The Effort to Defend Unity in Doctrinal Diversity

Several rationales are being presented in an effort to persuade us that the people of God must agree to disagree upon at least some parts of the revealed faith if we are to accomplish unity of the saints. Here are two which deserve attention from the scriptures so that we may put our faith in the power of God and not the wisdom of men as we endeavor “to keep the unity of the Spirit in the bond of peace” (Eph. 4:3; 1 Cor. 2:1-5).

Common Sense

The appeal to common sense to convince us we must agree to disagree upon some matters of the revealed faith of Christ goes like this: “Common sense tells us that some things in the scriptures are clear and some things are not so clear.” And of course, on the surface, such reasoning appears sound. There are indeed some parts of inspired scripture which are “hard to understand” when compared to other parts of scripture (2 Pet. 2:16). But that distinction is never used to endorse the “agree to disagree” philosophy of fellowship! To do so is to twist the scriptures in the very way Peter was warning against as he described the writings of the apostle Paul (2 Pet. 3:15-16). More difficult passages require more diligent study to show ourselves approved - not before the bar of man’s common sense - but before God (2 Tim. 2:15). So, in 2 Peter 3:18, Peter commands us to grow in knowledge (which is the result of diligent study).

If common sense is a marker for determining the clarity of Bible subjects (so that we can then decide what we must agree upon and what we can disagree about and still maintain fellowship with God and each other), whose common sense will we trust in making this important decision? The common sense of a Mormon? A Baptist? A Pentecostal? A Christian who advocates “no arranged Bible classes, no located preachers?” Whose common sense? Those who plead “common sense” as a guidepost for fellowship on Bible subjects want us to accept their common sense - make no mistake about it. But why should their common sense be elevated to this level of authority instead of yours, mine, or someone else’s?! This approach to fellowship in doctrinal diversity is bound to fail because its foundation is man, not God.

As the controversy over sponsoring churches and church support of human organizations raged, B. C. Goodpasture argued for “sanctified common sense” to defend his teaching and practice. My question is, who sanctified anyone’s common sense so that we can trust it rather than the revealed word of God? (cf. Jer. 17:5, 7)

Have we forgotten the admontion of the Scriptures, “there is a way that seems right to a man, But its end is the way of death” (Prov. 14:12)? Has Jeremiah’s acknowledgement of inferiority become foreign to us: “O Lord, I know the way of man is not in himself; It is not in man who walks to direct his own steps” (Jer. 10:23)? Our common sense must conform to revealed truth, else it is merely human wisdom which may or may not happen to conform to the truth which God has revealed (cf. 1 Cor. 4:4).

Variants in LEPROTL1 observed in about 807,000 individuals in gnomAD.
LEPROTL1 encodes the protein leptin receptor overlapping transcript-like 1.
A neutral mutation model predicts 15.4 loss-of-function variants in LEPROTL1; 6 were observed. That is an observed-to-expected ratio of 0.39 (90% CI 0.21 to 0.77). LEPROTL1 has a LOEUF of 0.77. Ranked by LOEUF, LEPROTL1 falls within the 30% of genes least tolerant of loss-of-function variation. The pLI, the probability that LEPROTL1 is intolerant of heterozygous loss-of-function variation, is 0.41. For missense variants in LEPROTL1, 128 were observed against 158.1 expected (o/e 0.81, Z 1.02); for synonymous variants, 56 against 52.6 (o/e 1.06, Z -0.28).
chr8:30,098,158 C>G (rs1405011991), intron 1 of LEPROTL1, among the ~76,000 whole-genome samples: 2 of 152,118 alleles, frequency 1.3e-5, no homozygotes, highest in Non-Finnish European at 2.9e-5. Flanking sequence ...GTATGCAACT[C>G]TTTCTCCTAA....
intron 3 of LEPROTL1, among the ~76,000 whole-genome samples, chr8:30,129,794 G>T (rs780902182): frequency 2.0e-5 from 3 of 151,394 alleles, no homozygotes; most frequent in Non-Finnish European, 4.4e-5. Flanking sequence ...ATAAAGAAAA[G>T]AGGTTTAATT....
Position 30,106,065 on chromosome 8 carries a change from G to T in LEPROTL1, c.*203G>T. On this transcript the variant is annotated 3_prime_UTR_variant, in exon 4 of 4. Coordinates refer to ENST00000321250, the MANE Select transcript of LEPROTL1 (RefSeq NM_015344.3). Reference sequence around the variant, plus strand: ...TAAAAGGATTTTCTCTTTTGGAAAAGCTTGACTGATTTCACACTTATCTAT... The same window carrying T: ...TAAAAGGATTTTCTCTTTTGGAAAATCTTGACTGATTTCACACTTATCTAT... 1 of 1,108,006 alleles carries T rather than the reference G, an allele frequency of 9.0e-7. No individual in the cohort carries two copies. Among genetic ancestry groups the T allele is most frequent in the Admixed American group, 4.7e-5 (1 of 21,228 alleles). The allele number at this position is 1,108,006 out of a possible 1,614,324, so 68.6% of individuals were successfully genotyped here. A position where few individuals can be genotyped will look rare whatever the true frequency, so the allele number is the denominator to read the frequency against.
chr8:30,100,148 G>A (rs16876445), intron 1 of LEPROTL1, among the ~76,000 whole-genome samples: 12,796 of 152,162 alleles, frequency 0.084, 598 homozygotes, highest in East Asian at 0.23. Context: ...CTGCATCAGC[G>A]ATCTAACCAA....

Individual and Collective Matters

Another approach being used to support and defend diversity in doctrine is that some things are individual matters and some things are collective matters.

Yes, some things are individual matters and some things are collective matters. But where is the Bible authority which gives us the right to “agree to disagree” about individual matters of morality and doctrine, but not about matters of collective action (passage please)?

Those who make this appeal will not universally apply their own guideline. For example, fornication is an individual action, yet in 1 Corinthians 5 its presence in a Christian’s life demanded that collective action be taken. Paul rebuked the Corinthians because they believed the individual’s sin did not and would not affect the collective -- but it would (v. 2, 6). The same leavening action of sin occurs today, and brethren must be warned not to take this sort of approach toward sin and error. Those who do as the Corinthians were doing fall under the same rebuke given to the Corinthians by the Holy Spirit (1 Cor. 5:2, 6, 13).

Trying hard to justify this faulty approach to unity, brethren are appealing to Romans 14 to support their misguided conclusion that individual action need not affect collective action. Here is how one proponent of “agreeing to disagree” on at least some doctrines presents this approach:

My dear brethren, nowhere in the Scriptures does grace mean that we may ‘agree to disagree’ over the revealed doctrine of Jesus Christ. This is not the oneness shared by the Father and Son, and it is not the oneness we are to promote. (Jno. 17:20-21; Eph. 4:1-6).

Romans 14 establishes the basis for unity among Christians in the realm of authorized liberties. In such a context, individual conscience is to be respected (14:1, 5, 13). Romans 14 addresses practices which are “clean” and “pure” before God (v. 14, 20). The activities under view in Romans 14 could either be practiced or declined with God’s acceptance, provided one did so with a clear conscience (v. 1-5, 22-23). This cannot be said of sinful doctrine and conduct, since they violate the truth of the gospel (1 Jno. 3:4).

2 John 9 still stands as a warning for us to not take comfort in going beyond the teaching of Christ: